#3 Being Present
Being present is a key component of ACT. By being present in your current experience, you can slow down the hamster wheel of unhelpful ruminations that keep you stuck in the past or worrying about the future. Your therapist will teach you mindfulness exercises to help you do this, such as getting in touch with all of your senses or describing your internal experience in a non-judgmental way.
#4 Self as Context
Self as context is a way to be present in the now. It’s the idea of “observing self.” You’ll learn that you are not your thoughts, feelings, or experiences. You’re the core where they are produced. ACT will teach you to be aware of thoughts and private experiences without getting attached or invested in them.
Acceptance and commitment therapy helps you identify your core values and use these to guide central parts of your life like spirituality, family, and career. Your therapist will help you decipher if your values are coming from your true self or based on “should’s,” past influences, or outside expectations.
#6 Committed Action
You’ll determine specific goals you’d like to achieve and the psychological roadblocks that are getting in the way. These goals will be in line with the values you’ve identified. You’ll use the other ACT processes to help you work toward these goals, such as acceptance and cognitive defusion.
Acceptance and commitment therapy can be used across several therapy sessions or as a brief therapy over six 30-minute sessions, known as FACT: Focused Acceptance & Commitment Therapy.
Who Benefits From Acceptance and Commitment Therapy (ACT)?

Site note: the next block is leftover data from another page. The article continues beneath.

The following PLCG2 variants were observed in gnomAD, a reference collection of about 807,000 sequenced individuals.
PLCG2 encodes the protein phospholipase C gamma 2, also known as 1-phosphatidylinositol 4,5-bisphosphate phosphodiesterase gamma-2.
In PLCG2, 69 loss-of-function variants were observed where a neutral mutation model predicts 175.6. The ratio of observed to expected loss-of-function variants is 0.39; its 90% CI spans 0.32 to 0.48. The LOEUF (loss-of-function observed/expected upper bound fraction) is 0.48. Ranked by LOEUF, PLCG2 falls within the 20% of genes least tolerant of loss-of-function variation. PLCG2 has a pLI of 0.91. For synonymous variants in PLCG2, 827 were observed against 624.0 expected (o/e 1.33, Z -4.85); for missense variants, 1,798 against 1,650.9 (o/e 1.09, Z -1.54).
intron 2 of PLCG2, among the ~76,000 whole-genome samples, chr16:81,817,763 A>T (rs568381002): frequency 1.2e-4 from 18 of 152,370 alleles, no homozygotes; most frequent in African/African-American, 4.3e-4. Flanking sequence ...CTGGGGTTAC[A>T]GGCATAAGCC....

Acceptance and commitment therapy can be helpful for anyone struggling with life’s challenges. Studies on ACT have shown it can be especially effective for certain populations. For instance, many addiction treatment centers use acceptance and commitment therapy because of its effectiveness with substance use and mental health disorders. Several studies have shown that ACT can help reduce drug and alcohol use in people with addiction. These outcomes were seen when using ACT alone or in combination with other therapies. Acceptance and commitment therapy can also help people with chronic pain. This can be useful in addiction treatment for people recovering from painkiller dependencies.
ACT is also effective in decreasing mental health disorder symptoms. A small study on people with moderate to high anxiety disorder or depression symptoms found 8 weeks of ACT significantly decreased anxiety and depression symptoms as compared to the control group. Another study suggests that reduced cognitive fusion as a result of ACT helps decrease distress and depression in people with mental illness.
People with eating disorders like bulimia benefit from ACT as well. Acceptance and commitment therapy helps them sit with uncomfortable thoughts and feelings that trigger binge-purge behaviors. Similar to how ACT works with substance abuse, people with bulimia can learn to accept difficult thoughts, not judge them, and know that they can survive these thoughts and feelings without numbing.
Looking for Help?
If you’re struggling with addiction and mental health disorders, call us for a free, confidential consultation. We use types of therapies like ACT that are evidence-based and help you develop healthier coping skills for long-term recovery.